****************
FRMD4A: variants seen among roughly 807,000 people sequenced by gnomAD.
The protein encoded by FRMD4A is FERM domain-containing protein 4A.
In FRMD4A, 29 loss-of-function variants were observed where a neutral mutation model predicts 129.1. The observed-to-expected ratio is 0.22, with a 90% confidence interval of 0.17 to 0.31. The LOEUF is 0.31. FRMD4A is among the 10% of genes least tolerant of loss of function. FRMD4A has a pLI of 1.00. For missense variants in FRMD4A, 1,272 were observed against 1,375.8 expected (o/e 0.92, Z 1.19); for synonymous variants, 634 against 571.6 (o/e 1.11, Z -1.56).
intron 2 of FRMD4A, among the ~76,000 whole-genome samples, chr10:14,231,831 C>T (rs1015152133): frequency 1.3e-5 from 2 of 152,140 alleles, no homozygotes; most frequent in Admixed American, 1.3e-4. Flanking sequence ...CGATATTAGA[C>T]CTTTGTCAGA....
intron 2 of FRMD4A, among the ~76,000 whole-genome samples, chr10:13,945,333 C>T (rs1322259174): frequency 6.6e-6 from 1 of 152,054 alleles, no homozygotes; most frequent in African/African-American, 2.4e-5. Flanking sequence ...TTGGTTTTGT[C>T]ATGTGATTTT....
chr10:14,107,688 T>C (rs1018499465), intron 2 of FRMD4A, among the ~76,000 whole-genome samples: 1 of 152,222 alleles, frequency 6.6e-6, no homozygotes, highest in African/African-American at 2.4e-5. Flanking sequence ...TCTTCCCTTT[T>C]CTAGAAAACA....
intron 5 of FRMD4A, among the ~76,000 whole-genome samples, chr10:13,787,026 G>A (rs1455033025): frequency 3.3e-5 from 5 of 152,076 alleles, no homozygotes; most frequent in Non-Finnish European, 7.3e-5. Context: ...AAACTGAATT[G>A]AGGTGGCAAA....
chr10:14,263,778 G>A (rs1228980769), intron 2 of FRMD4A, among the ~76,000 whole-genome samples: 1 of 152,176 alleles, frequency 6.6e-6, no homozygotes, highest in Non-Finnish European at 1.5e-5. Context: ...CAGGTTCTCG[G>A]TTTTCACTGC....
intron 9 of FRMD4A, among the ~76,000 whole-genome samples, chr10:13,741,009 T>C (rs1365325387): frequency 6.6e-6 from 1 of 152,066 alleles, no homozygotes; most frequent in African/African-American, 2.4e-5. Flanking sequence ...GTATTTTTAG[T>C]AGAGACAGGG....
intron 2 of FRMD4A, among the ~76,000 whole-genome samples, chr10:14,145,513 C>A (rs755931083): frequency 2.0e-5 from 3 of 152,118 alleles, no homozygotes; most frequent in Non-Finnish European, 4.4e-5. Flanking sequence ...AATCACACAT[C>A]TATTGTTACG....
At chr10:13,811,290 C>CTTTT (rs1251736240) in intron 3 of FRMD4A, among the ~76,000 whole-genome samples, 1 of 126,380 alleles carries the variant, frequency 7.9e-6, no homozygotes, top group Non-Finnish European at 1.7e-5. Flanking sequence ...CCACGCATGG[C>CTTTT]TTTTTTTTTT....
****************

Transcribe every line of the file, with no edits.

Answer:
FRMD4A: variants seen among roughly 807,000 people sequenced by gnomAD.
The protein encoded by FRMD4A is FERM domain-containing protein 4A.
In FRMD4A, 29 loss-of-function variants were observed where a neutral mutation model predicts 129.1. The observed-to-expected ratio is 0.22, with a 90% confidence interval of 0.17 to 0.31. The LOEUF is 0.31. FRMD4A is among the 10% of genes least tolerant of loss of function. FRMD4A has a pLI of 1.00. For missense variants in FRMD4A, 1,272 were observed against 1,375.8 expected (o/e 0.92, Z 1.19); for synonymous variants, 634 against 571.6 (o/e 1.11, Z -1.56).
intron 2 of FRMD4A, among the ~76,000 whole-genome samples, chr10:14,231,831 C>T (rs1015152133): frequency 1.3e-5 from 2 of 152,140 alleles, no homozygotes; most frequent in Admixed American, 1.3e-4. Flanking sequence ...CGATATTAGA[C>T]CTTTGTCAGA....
intron 2 of FRMD4A, among the ~76,000 whole-genome samples, chr10:13,945,333 C>T (rs1322259174): frequency 6.6e-6 from 1 of 152,054 alleles, no homozygotes; most frequent in African/African-American, 2.4e-5. Flanking sequence ...TTGGTTTTGT[C>T]ATGTGATTTT....
chr10:14,107,688 T>C (rs1018499465), intron 2 of FRMD4A, among the ~76,000 whole-genome samples: 1 of 152,222 alleles, frequency 6.6e-6, no homozygotes, highest in African/African-American at 2.4e-5. Flanking sequence ...TCTTCCCTTT[T>C]CTAGAAAACA....
intron 5 of FRMD4A, among the ~76,000 whole-genome samples, chr10:13,787,026 G>A (rs1455033025): frequency 3.3e-5 from 5 of 152,076 alleles, no homozygotes; most frequent in Non-Finnish European, 7.3e-5. Context: ...AAACTGAATT[G>A]AGGTGGCAAA....
chr10:14,263,778 G>A (rs1228980769), intron 2 of FRMD4A, among the ~76,000 whole-genome samples: 1 of 152,176 alleles, frequency 6.6e-6, no homozygotes, highest in Non-Finnish European at 1.5e-5. Context: ...CAGGTTCTCG[G>A]TTTTCACTGC....
intron 9 of FRMD4A, among the ~76,000 whole-genome samples, chr10:13,741,009 T>C (rs1365325387): frequency 6.6e-6 from 1 of 152,066 alleles, no homozygotes; most frequent in African/African-American, 2.4e-5. Flanking sequence ...GTATTTTTAG[T>C]AGAGACAGGG....
intron 2 of FRMD4A, among the ~76,000 whole-genome samples, chr10:14,145,513 C>A (rs755931083): frequency 2.0e-5 from 3 of 152,118 alleles, no homozygotes; most frequent in Non-Finnish European, 4.4e-5. Flanking sequence ...AATCACACAT[C>A]TATTGTTACG....
At chr10:13,811,290 C>CTTTT (rs1251736240) in intron 3 of FRMD4A, among the ~76,000 whole-genome samples, 1 of 126,380 alleles carries the variant, frequency 7.9e-6, no homozygotes, top group Non-Finnish European at 1.7e-5. Flanking sequence ...CCACGCATGG[C>CTTTT]TTTTTTTTTT....